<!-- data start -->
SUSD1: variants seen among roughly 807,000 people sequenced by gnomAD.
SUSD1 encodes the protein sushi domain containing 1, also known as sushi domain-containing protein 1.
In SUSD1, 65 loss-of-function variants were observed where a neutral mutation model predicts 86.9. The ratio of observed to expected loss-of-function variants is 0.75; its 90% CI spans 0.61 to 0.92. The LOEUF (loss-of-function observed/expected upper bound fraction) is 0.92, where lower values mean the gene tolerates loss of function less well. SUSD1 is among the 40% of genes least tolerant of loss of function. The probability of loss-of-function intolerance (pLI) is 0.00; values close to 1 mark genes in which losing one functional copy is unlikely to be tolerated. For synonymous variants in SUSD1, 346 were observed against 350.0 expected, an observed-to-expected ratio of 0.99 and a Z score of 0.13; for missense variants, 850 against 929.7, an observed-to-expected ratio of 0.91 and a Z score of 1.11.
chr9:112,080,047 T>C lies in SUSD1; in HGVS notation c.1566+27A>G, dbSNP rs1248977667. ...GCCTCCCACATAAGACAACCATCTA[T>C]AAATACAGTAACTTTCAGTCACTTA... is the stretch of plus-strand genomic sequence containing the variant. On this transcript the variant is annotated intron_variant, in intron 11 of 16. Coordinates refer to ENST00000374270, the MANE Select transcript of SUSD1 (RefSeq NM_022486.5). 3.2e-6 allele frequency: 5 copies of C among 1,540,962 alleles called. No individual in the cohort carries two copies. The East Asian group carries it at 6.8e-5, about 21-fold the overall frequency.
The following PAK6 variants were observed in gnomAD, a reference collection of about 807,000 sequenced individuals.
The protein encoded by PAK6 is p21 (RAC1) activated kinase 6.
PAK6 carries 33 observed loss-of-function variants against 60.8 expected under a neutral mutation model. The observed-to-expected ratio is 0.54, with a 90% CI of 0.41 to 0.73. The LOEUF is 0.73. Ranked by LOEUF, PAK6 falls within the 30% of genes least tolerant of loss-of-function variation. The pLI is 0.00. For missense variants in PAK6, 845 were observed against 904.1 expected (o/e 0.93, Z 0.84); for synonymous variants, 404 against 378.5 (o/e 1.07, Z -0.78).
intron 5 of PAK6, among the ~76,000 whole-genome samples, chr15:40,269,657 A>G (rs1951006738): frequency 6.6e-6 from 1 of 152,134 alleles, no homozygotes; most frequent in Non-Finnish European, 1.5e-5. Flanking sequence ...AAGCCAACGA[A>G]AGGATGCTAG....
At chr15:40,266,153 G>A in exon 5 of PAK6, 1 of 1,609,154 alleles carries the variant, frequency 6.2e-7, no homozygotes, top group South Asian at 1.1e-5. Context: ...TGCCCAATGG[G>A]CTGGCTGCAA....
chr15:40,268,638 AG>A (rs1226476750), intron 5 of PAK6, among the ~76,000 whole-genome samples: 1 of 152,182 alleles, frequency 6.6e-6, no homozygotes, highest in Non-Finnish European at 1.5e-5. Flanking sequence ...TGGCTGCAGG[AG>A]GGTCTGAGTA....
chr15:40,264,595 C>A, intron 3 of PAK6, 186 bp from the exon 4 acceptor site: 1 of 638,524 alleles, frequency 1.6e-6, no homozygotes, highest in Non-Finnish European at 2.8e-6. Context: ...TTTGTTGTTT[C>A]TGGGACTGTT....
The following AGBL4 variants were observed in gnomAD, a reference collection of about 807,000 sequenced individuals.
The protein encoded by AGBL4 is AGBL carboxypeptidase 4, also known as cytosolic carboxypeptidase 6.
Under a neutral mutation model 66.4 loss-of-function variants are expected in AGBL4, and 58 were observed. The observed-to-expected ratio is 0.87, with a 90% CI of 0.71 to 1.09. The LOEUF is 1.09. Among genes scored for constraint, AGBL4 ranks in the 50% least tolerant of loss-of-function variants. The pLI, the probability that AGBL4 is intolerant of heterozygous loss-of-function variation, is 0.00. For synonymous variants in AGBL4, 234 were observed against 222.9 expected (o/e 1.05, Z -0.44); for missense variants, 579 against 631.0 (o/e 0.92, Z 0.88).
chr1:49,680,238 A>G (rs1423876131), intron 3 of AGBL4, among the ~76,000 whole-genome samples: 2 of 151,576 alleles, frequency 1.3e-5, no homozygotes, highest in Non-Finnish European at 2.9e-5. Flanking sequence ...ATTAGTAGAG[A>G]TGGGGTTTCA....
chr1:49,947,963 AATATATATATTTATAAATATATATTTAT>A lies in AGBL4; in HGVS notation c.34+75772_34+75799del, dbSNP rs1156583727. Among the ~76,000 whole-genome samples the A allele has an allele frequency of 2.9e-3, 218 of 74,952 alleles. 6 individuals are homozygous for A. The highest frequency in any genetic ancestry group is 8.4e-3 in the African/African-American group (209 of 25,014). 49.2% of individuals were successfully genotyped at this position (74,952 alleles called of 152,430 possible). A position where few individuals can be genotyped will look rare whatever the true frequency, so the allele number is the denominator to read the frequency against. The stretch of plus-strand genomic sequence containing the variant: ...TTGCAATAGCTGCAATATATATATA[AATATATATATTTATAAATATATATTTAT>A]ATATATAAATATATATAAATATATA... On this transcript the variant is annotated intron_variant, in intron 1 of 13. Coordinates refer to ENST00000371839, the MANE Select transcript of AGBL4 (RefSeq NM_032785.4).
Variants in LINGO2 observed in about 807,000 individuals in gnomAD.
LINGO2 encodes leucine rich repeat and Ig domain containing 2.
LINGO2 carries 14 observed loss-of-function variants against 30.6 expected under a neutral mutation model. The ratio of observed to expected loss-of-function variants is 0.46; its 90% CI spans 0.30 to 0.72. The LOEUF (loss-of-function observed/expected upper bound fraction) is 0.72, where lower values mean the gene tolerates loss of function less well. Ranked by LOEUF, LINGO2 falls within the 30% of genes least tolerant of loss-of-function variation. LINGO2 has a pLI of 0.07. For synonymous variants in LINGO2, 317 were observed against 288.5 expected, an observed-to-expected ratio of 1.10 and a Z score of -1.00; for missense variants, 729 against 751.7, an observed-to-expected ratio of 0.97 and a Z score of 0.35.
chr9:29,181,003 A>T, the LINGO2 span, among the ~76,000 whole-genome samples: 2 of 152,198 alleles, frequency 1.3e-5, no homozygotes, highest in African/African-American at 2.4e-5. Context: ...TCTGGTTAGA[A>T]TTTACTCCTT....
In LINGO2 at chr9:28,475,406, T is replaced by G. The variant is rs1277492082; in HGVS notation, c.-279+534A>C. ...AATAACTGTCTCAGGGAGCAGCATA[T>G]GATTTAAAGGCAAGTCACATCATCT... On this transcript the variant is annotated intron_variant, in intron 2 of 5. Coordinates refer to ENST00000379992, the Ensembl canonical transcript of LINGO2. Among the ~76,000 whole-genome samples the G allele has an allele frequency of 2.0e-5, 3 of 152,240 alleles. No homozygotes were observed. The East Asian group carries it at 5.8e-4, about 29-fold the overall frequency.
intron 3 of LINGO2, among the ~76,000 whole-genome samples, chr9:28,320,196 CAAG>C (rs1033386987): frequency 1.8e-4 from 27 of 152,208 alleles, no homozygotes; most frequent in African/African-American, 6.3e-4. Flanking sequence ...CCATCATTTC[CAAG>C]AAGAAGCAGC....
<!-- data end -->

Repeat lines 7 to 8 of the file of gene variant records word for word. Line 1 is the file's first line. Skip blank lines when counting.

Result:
PAK6 carries 33 observed loss-of-function variants against 60.8 expected under a neutral mutation model. The observed-to-expected ratio is 0.54, with a 90% CI of 0.41 to 0.73. The LOEUF is 0.73. Ranked by LOEUF, PAK6 falls within the 30% of genes least tolerant of loss-of-function variation. The pLI is 0.00. For missense variants in PAK6, 845 were observed against 904.1 expected (o/e 0.93, Z 0.84); for synonymous variants, 404 against 378.5 (o/e 1.07, Z -0.78).
intron 5 of PAK6, among the ~76,000 whole-genome samples, chr15:40,269,657 A>G (rs1951006738): frequency 6.6e-6 from 1 of 152,134 alleles, no homozygotes; most frequent in Non-Finnish European, 1.5e-5. Flanking sequence ...AAGCCAACGA[A>G]AGGATGCTAG....